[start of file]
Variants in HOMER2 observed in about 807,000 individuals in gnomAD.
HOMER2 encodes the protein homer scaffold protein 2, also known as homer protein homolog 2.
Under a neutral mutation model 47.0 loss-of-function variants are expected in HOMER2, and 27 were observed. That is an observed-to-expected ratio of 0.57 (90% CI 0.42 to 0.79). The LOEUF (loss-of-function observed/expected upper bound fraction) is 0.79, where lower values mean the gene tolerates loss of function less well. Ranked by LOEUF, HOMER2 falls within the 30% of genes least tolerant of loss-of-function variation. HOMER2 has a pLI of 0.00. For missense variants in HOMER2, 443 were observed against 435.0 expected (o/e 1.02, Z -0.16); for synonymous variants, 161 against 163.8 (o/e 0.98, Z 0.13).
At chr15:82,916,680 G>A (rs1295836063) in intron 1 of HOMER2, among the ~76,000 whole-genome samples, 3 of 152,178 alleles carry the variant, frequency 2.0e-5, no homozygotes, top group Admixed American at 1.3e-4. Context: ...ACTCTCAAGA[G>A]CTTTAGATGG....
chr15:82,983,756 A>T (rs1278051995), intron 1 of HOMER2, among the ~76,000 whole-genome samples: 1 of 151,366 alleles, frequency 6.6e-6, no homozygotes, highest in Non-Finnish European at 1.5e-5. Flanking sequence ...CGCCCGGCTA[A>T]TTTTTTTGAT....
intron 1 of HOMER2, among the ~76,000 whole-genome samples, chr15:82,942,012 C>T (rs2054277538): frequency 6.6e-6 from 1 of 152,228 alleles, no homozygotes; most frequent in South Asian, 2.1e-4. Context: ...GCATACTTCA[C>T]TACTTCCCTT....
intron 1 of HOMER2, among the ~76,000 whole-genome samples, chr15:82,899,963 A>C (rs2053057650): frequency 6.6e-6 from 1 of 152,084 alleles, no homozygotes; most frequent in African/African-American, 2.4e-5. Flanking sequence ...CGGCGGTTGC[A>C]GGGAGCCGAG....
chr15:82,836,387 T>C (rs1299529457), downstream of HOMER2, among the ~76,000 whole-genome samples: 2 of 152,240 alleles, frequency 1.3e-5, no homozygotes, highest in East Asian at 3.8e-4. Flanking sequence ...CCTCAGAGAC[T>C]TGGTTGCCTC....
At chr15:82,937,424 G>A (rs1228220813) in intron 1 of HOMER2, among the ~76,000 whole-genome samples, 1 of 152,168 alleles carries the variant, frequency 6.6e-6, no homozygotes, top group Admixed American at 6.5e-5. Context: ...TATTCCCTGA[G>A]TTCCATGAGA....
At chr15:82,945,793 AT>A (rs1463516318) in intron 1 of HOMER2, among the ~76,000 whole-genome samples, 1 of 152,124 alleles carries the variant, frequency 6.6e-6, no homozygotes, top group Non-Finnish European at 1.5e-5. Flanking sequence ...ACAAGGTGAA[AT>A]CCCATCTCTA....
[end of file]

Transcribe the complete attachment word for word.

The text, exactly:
Variants in HOMER2 observed in about 807,000 individuals in gnomAD.
HOMER2 encodes the protein homer scaffold protein 2, also known as homer protein homolog 2.
Under a neutral mutation model 47.0 loss-of-function variants are expected in HOMER2, and 27 were observed. That is an observed-to-expected ratio of 0.57 (90% CI 0.42 to 0.79). The LOEUF (loss-of-function observed/expected upper bound fraction) is 0.79, where lower values mean the gene tolerates loss of function less well. Ranked by LOEUF, HOMER2 falls within the 30% of genes least tolerant of loss-of-function variation. HOMER2 has a pLI of 0.00. For missense variants in HOMER2, 443 were observed against 435.0 expected (o/e 1.02, Z -0.16); for synonymous variants, 161 against 163.8 (o/e 0.98, Z 0.13).
At chr15:82,916,680 G>A (rs1295836063) in intron 1 of HOMER2, among the ~76,000 whole-genome samples, 3 of 152,178 alleles carry the variant, frequency 2.0e-5, no homozygotes, top group Admixed American at 1.3e-4. Context: ...ACTCTCAAGA[G>A]CTTTAGATGG....
chr15:82,983,756 A>T (rs1278051995), intron 1 of HOMER2, among the ~76,000 whole-genome samples: 1 of 151,366 alleles, frequency 6.6e-6, no homozygotes, highest in Non-Finnish European at 1.5e-5. Flanking sequence ...CGCCCGGCTA[A>T]TTTTTTTGAT....
intron 1 of HOMER2, among the ~76,000 whole-genome samples, chr15:82,942,012 C>T (rs2054277538): frequency 6.6e-6 from 1 of 152,228 alleles, no homozygotes; most frequent in South Asian, 2.1e-4. Context: ...GCATACTTCA[C>T]TACTTCCCTT....
intron 1 of HOMER2, among the ~76,000 whole-genome samples, chr15:82,899,963 A>C (rs2053057650): frequency 6.6e-6 from 1 of 152,084 alleles, no homozygotes; most frequent in African/African-American, 2.4e-5. Flanking sequence ...CGGCGGTTGC[A>C]GGGAGCCGAG....
chr15:82,836,387 T>C (rs1299529457), downstream of HOMER2, among the ~76,000 whole-genome samples: 2 of 152,240 alleles, frequency 1.3e-5, no homozygotes, highest in East Asian at 3.8e-4. Flanking sequence ...CCTCAGAGAC[T>C]TGGTTGCCTC....
At chr15:82,937,424 G>A (rs1228220813) in intron 1 of HOMER2, among the ~76,000 whole-genome samples, 1 of 152,168 alleles carries the variant, frequency 6.6e-6, no homozygotes, top group Admixed American at 6.5e-5. Context: ...TATTCCCTGA[G>A]TTCCATGAGA....
At chr15:82,945,793 AT>A (rs1463516318) in intron 1 of HOMER2, among the ~76,000 whole-genome samples, 1 of 152,124 alleles carries the variant, frequency 6.6e-6, no homozygotes, top group Non-Finnish European at 1.5e-5. Flanking sequence ...ACAAGGTGAA[AT>A]CCCATCTCTA....